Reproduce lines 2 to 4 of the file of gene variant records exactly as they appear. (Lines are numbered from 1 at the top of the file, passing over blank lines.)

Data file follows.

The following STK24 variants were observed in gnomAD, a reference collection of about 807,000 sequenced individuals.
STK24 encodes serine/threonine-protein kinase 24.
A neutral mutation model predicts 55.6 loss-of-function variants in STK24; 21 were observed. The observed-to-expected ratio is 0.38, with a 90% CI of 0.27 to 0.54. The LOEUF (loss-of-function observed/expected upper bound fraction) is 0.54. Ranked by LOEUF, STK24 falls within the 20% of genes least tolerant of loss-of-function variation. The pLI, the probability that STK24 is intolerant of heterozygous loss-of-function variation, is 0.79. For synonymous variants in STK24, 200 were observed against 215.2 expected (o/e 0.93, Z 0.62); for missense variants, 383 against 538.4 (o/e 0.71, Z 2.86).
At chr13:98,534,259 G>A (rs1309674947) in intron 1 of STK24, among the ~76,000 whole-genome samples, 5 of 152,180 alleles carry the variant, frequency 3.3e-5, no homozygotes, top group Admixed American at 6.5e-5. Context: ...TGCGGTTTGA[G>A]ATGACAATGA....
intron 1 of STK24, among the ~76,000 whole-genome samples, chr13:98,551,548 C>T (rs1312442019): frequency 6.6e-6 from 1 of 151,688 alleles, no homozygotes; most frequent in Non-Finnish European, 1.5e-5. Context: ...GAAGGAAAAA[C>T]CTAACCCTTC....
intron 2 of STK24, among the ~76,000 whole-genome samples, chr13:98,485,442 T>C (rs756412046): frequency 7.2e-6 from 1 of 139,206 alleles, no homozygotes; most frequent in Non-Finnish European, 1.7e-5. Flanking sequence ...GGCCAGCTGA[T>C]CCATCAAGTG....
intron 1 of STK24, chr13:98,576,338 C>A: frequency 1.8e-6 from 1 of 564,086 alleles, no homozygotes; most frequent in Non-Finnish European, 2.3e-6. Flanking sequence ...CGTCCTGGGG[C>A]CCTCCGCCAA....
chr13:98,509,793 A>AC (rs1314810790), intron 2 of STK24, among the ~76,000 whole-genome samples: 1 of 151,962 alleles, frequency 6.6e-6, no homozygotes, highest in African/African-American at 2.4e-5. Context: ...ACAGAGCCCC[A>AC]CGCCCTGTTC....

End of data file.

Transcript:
STK24 encodes serine/threonine-protein kinase 24.
A neutral mutation model predicts 55.6 loss-of-function variants in STK24; 21 were observed. The observed-to-expected ratio is 0.38, with a 90% CI of 0.27 to 0.54. The LOEUF (loss-of-function observed/expected upper bound fraction) is 0.54. Ranked by LOEUF, STK24 falls within the 20% of genes least tolerant of loss-of-function variation. The pLI, the probability that STK24 is intolerant of heterozygous loss-of-function variation, is 0.79. For synonymous variants in STK24, 200 were observed against 215.2 expected (o/e 0.93, Z 0.62); for missense variants, 383 against 538.4 (o/e 0.71, Z 2.86).
At chr13:98,534,259 G>A (rs1309674947) in intron 1 of STK24, among the ~76,000 whole-genome samples, 5 of 152,180 alleles carry the variant, frequency 3.3e-5, no homozygotes, top group Admixed American at 6.5e-5. Context: ...TGCGGTTTGA[G>A]ATGACAATGA....